Assemblyman Dov Hikind (D-Brooklyn) had high praise for NYC Mayor Bill de Blasio following an announcement that New York City will be removing the monument to a Nazi collaborator Philippe Pétain.
The mayor’s office Tweeted the following: “After the violent events in Charlottesville, New York City will conduct a 90-day review of all symbols of hate on city property. The commemoration for Nazi collaborator Philippe Pétain in the Canyon of Heroes will be one of the first we remove.”
Assemblyman Hikind, who brought awareness of the Petain monument directly to the mayor, applauded the mayor’s actions. “We are confronted every day with bigotry and divisiveness,” said Hikind. “New Yorkers have an obligation to say, ‘Not in our city.’ It’s time to remove all of New York City’s monuments and markers that glorify bigotry and strengthen that which perpetuates these ignorant beliefs. I applaud our mayor, as I know all of New York will, for taking quick action on this important matter.”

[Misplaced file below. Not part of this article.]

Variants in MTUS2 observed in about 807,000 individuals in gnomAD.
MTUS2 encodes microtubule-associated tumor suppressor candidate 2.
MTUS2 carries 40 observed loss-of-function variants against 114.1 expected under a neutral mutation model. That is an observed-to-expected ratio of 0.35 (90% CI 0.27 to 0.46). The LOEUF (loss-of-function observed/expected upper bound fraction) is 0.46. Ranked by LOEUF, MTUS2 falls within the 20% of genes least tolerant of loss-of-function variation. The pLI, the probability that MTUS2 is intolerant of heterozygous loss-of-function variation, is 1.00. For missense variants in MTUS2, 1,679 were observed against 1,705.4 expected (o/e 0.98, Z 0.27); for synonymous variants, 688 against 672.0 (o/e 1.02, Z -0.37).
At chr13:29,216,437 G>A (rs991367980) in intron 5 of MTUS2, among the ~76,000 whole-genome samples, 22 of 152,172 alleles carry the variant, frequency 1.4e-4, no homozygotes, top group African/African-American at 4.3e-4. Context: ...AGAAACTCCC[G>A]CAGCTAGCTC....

In May, Assemblyman Hikind turned attention on the markers commemorating French Vichy Leaders Marshal Philippe Pétain and Pierre Laval. The granite markers are located on Morris and Broadway in the Wall Street area’s “Canyon of Heroes.” Laval helped the Nazis arrest thousands of Jews for Deportation to their deaths. After the war, he was executed for his war crimes.
Pétain’s anti-Semitic policies were even harsher than what the Germans had adopted. His policies banned Jews from various professions and activities, which eventually led to the deportation and murder of nearly 100,000 Jews, as well as Gypsies, homosexuals, and left-wing activists. Pétain was convicted of treason in 1945. He was sentenced to death by firing squad but France’s President Charles de Gaulle commuted the sentence to life imprisonment.